BernardaSv/ iStock/ Getty Images

Opening Credits

Don’t co-sign a loan while in Chapter 13 bankruptcy


If you filed for Chapter 13 bankruptcy, the last thing you should consider is co-signing a car loan for anyone, including your partner

The content on this page is accurate as of the posting date; however, some of our partner offers may have expired. Please review our list of best credit cards, or use our CardMatch™ tool to find cards matched to your needs.

Erica Sandberg is a prominent personal finance authority and author of “Expecting Money: The Essential Financial Plan for New and Growing Families.” She writes “Opening Credits,” a weekly reader Q&A column about issues for people who are new to credit, for

Question for the expertDear Opening Credits,
I am from New Jersey and currently going through Chapter 13 bankruptcy (month two of 60). My long-term boyfriend (not a partner legally through a civil union or other recognition) is recently employed and requires a car for transportation to and from work. His credit is less than stellar, and he cannot receive financial help from his family to secure a $4,500 loan for a car. Can I co-sign a loan for him? I realize that I am not an appealing debtor, but I make an adequate salary for both of us ($120,000/year). Any suggestions? — Mike

Answer for the expertDear Mike,
Chapter 13 bankruptcy bankruptcy is a unique kind of legal protection. With it, you get to satisfy some of your creditors through the court, pay or discharge other types of debt and keep all of your assets in the process. Like a credit counseling agency repayment plan, it’s in effect for three to five years.

In exchange for the ability to walk away from at least a portion of your unsecured liabilities while also keeping valuable property (that you might have had to give up in a Chapter 7 bankruptcy), you do lose a few freedoms. These include having to send money that you get from raises, bonuses and inheritances to your creditors so they receive the maximum amount, and not applying for any new loans or credit cards unless authorized by your court-appointed trustee.

As I’m sure you know by now, you are paying that trustee to oversee your case. The trustee’s role is to make sure that you adhere to the rules so you don’t abuse the system, but are also able to live without too much trouble.

See related:Can you apply for credit after Chapter 13 bankruptcy?, The risks you incur when you co-sign

So let’s get to that car. You and your boyfriend are a couple and as such should function as a unit. That means a certain amount of shared expenses. I get that he needs a car to get him to and from his new job, but what I don’t get is the automatic assumption that you ought to take out a loan to buy it. Here is why I think you shouldn’t:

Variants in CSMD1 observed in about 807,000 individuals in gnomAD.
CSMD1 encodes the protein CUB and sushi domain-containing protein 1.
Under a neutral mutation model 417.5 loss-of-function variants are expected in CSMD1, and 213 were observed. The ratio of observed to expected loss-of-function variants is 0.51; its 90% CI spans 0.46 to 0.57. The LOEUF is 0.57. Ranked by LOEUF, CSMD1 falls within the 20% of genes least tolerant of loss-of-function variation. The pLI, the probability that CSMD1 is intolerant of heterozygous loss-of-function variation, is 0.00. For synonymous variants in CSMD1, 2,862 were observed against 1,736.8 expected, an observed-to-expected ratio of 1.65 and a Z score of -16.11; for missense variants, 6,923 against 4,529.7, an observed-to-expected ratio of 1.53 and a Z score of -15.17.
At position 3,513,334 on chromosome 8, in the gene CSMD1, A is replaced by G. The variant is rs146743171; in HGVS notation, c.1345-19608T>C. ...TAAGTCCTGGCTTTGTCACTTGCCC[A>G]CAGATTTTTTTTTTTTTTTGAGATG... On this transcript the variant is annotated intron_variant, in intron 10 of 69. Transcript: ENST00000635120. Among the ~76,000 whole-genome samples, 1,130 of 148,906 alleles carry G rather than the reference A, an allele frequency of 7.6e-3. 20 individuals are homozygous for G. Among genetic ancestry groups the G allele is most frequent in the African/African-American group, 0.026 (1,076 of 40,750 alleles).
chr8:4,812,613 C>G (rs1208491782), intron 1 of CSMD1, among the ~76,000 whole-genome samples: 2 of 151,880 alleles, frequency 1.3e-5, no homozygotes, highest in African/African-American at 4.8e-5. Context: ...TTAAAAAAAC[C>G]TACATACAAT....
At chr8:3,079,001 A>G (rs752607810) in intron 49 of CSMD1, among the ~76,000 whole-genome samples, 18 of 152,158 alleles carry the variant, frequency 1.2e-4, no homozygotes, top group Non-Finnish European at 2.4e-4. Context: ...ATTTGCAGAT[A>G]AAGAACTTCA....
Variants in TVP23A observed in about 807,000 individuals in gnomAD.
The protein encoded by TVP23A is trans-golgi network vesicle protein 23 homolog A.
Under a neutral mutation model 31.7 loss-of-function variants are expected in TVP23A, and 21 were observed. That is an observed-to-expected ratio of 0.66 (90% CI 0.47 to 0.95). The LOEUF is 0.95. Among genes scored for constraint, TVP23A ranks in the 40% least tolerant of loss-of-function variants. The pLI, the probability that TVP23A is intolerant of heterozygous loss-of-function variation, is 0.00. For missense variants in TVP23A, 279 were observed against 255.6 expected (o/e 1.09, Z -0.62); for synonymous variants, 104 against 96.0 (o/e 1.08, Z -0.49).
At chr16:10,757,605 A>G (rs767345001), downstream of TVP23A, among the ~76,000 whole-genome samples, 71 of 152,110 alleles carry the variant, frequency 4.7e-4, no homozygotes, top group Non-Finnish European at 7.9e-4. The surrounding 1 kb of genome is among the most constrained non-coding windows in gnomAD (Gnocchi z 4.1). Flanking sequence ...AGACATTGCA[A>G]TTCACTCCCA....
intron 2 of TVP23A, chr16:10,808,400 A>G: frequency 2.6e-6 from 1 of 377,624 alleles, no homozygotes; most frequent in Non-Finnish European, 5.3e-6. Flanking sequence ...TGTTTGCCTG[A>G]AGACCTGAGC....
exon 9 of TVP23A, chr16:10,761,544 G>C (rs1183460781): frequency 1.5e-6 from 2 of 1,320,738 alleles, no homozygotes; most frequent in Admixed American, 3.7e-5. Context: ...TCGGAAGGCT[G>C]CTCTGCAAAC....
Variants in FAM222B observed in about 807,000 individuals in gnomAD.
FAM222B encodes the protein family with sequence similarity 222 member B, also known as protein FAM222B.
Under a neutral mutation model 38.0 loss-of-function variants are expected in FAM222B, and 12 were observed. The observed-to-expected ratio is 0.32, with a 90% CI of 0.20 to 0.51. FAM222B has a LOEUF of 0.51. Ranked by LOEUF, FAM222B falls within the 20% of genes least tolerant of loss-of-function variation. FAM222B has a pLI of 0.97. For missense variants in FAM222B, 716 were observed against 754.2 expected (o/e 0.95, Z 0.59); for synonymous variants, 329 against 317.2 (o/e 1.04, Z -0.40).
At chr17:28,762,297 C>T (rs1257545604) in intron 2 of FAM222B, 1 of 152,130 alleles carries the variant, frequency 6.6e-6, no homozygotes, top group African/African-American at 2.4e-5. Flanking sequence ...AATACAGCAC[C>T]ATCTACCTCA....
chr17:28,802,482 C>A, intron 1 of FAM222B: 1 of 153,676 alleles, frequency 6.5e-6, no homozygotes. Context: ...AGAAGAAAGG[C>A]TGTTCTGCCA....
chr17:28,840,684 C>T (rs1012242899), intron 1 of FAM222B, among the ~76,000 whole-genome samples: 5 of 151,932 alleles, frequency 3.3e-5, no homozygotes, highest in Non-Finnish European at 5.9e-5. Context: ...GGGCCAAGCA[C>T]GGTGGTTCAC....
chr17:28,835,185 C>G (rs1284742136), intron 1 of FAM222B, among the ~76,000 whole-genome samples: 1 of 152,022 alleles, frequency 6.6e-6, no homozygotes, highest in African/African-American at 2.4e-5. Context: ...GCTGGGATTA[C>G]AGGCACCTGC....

• He has bad credit. Even in the best of circumstances I rarely recommend co-signing a loan. Doing so with someone who has already proven himself to be a poor credit risk? Not a chance.
  • You have bad credit. Normally a co-signing arrangement would work out because one person is guarantying the loan or line of credit with his excellent credit history. In your case, neither of you are gold in a lender’s eyes. Therefore, if you did get financing, the deal would be miserable.
  • Your trustee would think it’s a bad arrangement. Remember the trustee’s role as the gatekeeper? The trustee will assess your request and make a determination. I doubt you’ll get a thumbs up. The new loan would mean new payments — and your income is already promised to old debts.

Happily, you have a better option. You are both employed and from my vantage point, making decent cash. One quick look at online vehicle sales websites indicates an abundance of cars on the market, starting at just a couple of thousand bucks. I think you and your partner should buy one with funds you can scrape together in a month or two. A glamorous ride it may not be, but if the goal is to transport him from point A to point B, that shouldn’t be a problem. He can get to his job and other places, start a savings account, obtain a credit card in his name and rebuild his credit rating.

Meanwhile you can concentrate on completing the Chapter 13. When it’s done, you too would be wise to take the slow but steady road to economic security: Save and invest. Borrow and repay. Work together to create a healthy, happy home.

Editorial Disclaimer

The editorial content on this page is based solely on the objective assessment of our writers and is not driven by advertising dollars. It has not been provided or commissioned by the credit card issuers. However, we may receive compensation when you click on links to products from our partners.

What’s up next?

In Opening Credits

What to do when family members use your credit card without permission

When family members help themselves to your credit cards without your knowledge, you have every right to report that as a theft to the police

See more stories
Credit Card Rate Report
Cash Back

Questions or comments?

Contact us

Editorial corrections policies

Learn more